Stars/flops Mainoo, Garnacho and, more recently, Amad have had excellent breakthrough seasons and offer genuine hope. Hats off to Maguire, who showed real guts to re-establish himself. The rest, bar Evans, Bruno and Højlund, were a constant source of disappointment.

Biggest surprise Just how bad we can be at times – and how easy we would become to play against.

Best/worst away fans Galatasaray filled their end – and large parts of the home end too. The worst were Villa, who turned up full of themselves on Boxing Day night but were sent home packing with a banging hangover after leading 0-2 and losing 3-2.

Moment that made me smile Amad’s extra-time winner against Liverpool in the Cup, followed by getting sent off in the middle of his celebration – by far the best moment of a dire season.

Shaun O’Donnell

Erik ten Hag: sometimes baffling. Photograph: Martin Rickett/PA


Records broken, goal gluts, a return to Europe … this season was a memorable one, even if it didn’t reach the heights of 2022-23. We spent most of the season as A&E FC, losing top players in a rolling injury crisis, so ending the campaign in the hunt for Europe is testimony to Howe’s ability and the quality and spirit of our squad. Perhaps Champions League football came too soon, and progress has undoubtedly been hindered by FFP, but we’re still proud of what we have achieved since the takeover. 7/10.

Stars/flops Ice-cold Alexander Isak is the most exciting striker we’ve had in years – the guy now looks like a bargain, as does Anthony Gordon. Bruno Guimarães has continued to cement his status as an NUFC legend and Fabian Schär is a model of consistency. Flops? Miguel Almirón didn’t match last season’s exploits, and, off the field, director of football Dan Ashworth bagged some nice gardening leave after seemingly making little impact.

Biggest surprise Losing a £55m new signing to a lengthy ban: Sandro Tonali’s absence was keenly felt when we were down to the bare bones. More positively, comprehensively beating PSG at home was what every Newcastle fan’s dreams are made of, and knocking both Manchester teams out of the League Cup wasn’t bad either.

Best/worst away fans Best were the yellow hordes of Dortmund – though we’re still recovering from that infernal drumbeat … But Spurs were very quiet (again) after getting outplayed (again). Like their team, they seemed utterly shellshocked.

Moment that made us smile Sunderland laying on the red carpet in the FA Cup by transforming the Black Cats Bar into the Magpie’s Nest – really thought it was Photoshopped at first …

David and Richard Holmes

Alexander Isak: ice cold. Photograph: Scott Heppell/Reuters

Nottingham Forest

Big sigh. We all knew second-season syndrome was a thing, but it’s been a big hot mess in so many ways. Most fans would say that there has been way too much drama, with VARcical refereeing, PSR deductions and relocation plans. Many of us are also still grieving for Stevie Cooper, though you’d be hard pressed not to see that the style and standard of play has improved under Nuno, even if we would have liked more points and fewer set-piece goals conceded. Overall, though, I’m glad it’s almost over, on and off the pitch. 5/10.

Stars/flops Not many of us expected Murillo to play, let alone to be the most Des Walker-like defender since the maestro himself. Mu is far from complete, but he is brilliant, and probably won’t be here next season. Sob. Honourable mentions for Morgan Gibbs-White, Neco Williams and Ola Aina, with good spells for Callum Hudson-Odoi and Antony Elanga, whose combined fees were less than Amad Diallo. As for flops – with such a high turnover, it’s inevitable – step forward Vlachodimos, Santos and Origi.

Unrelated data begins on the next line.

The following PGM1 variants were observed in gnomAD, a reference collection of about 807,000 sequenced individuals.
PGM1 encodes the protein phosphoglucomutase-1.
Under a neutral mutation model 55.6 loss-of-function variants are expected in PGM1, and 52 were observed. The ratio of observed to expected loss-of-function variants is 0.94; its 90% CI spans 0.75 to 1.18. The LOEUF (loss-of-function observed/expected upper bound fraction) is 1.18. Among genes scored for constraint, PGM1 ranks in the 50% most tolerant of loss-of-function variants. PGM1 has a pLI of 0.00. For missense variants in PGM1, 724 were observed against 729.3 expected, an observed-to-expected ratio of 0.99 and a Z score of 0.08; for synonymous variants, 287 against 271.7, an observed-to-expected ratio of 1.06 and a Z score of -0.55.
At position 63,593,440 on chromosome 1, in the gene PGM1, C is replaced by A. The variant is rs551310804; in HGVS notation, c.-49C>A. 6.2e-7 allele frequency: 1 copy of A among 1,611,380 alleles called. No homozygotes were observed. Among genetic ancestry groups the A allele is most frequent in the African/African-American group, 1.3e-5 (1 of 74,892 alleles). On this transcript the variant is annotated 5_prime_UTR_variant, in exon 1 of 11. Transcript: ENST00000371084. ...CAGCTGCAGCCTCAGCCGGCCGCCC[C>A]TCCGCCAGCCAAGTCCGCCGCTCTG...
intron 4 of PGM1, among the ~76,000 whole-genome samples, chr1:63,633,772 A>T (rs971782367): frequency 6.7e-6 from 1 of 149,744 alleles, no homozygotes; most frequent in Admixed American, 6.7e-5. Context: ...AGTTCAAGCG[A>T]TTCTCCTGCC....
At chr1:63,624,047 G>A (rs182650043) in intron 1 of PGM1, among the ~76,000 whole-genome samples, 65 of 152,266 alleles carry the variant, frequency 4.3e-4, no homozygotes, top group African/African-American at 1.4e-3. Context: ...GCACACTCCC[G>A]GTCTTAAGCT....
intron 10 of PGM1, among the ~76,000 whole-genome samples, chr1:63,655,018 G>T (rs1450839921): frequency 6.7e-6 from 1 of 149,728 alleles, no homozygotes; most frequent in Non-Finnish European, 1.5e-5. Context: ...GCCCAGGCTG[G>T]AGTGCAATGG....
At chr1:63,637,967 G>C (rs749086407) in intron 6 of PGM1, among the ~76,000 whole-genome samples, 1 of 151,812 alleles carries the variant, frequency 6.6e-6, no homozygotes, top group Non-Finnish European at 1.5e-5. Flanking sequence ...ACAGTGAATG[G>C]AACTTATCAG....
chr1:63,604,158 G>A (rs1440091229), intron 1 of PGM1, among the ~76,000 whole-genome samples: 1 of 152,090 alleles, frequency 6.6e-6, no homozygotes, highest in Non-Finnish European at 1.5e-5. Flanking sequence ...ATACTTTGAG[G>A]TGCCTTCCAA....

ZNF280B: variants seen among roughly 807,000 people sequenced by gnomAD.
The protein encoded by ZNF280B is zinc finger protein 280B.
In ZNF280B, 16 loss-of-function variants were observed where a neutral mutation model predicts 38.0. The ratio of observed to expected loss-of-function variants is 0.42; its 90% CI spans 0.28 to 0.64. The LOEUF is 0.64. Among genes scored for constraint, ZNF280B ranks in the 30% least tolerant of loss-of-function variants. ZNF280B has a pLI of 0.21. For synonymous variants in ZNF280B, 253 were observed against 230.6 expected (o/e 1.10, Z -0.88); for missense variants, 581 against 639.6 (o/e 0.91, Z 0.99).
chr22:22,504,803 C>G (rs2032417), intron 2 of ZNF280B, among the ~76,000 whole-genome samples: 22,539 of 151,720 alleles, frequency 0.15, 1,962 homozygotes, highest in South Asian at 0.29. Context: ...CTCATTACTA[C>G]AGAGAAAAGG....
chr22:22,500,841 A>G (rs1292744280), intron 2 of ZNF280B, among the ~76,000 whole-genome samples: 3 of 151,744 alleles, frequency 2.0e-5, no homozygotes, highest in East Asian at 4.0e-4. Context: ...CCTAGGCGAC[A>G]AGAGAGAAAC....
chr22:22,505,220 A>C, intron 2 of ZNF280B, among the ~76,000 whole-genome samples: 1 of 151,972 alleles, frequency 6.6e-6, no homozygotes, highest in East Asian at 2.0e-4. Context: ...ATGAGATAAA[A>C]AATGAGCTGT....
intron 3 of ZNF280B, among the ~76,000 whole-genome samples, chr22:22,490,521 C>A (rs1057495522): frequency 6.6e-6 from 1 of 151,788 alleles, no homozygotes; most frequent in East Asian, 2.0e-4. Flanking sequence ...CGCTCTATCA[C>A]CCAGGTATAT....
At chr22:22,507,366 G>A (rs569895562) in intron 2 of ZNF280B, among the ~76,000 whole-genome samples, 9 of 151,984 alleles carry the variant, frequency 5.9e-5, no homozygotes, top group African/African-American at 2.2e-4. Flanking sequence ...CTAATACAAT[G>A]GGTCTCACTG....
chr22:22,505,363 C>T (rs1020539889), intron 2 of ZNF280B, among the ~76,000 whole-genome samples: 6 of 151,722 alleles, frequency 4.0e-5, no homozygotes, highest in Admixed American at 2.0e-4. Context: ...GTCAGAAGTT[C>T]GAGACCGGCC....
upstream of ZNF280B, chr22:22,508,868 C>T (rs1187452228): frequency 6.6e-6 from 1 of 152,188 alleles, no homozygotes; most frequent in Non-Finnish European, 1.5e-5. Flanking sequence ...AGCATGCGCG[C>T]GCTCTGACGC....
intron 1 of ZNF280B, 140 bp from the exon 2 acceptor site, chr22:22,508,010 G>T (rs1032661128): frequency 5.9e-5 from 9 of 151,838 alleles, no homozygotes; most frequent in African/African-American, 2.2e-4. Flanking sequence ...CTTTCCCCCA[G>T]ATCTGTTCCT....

Biggest surprise I’m reminded of the line in Blackadder, when Baldrick is running for MP: “Is there any history of sanity in the family? No, none whatsoever.” Take your pick from Clattenburg, THAT tweet, or the fiery response to the PSR points deduction.

Best/worst away fans Manchester United’s always loudly back their team. But we forgot Luton and Chelsea fans were there until they scored.

Moment that made me smile Watching Murillo almost score Forest’s goal of the century by slaloming through the entire Palace team. The fact he almost netted from his own half against Luton and Spurs is just a footnote.

Rich Ferraro 1865: The Nottingham Forest Podcast;

Three extremely poor decisions – three penalties not given – which we simply cannot accept.

We warned the PGMOL that the VAR is a Luton fan before the game but they didn’t change him. Our patience has been tested multiple times.

NFFC will now consider its options.

— Nottingham Forest (@NFFC) April 21, 2024

Sheffield United

It’s impossible to answer the question “How did the season go for you?” without laughing uncontrollably. Alarm bells were ringing after our baffling summer business but even so, it’s been the worst season to sit through (or walk out of) in living memory. Neither Paul Heckingbottom or Chris Wilder could drag a poor squad to competitiveness, which feels like the bare minimum we should expect as fans. 0/10.

Stars/flops Gustavo Hamer has been a beacon of excitement compared with the rest, ably supported in recent months by academy product Oli Arblaster – it already feels like next season hinges on both of them still being here. Vinícius Souza’s attitude is worse than his footballing ability and Ivo Grbic was so astonishingly bad in goal that he swiftly found himself dropped for the man he was signed to replace.

Biggest surprise Sadly this season has been predictable in its outcome, if not necessarily the process by which we got there. I really thought our defence would keep us in more games, but instead we go into matches knowing we need to score at least three times just to get a point. The string of home capitulations (2-5, 0-5, 0-5, 0-6 consecutively earlier this year) was hard to wrap one’s head around.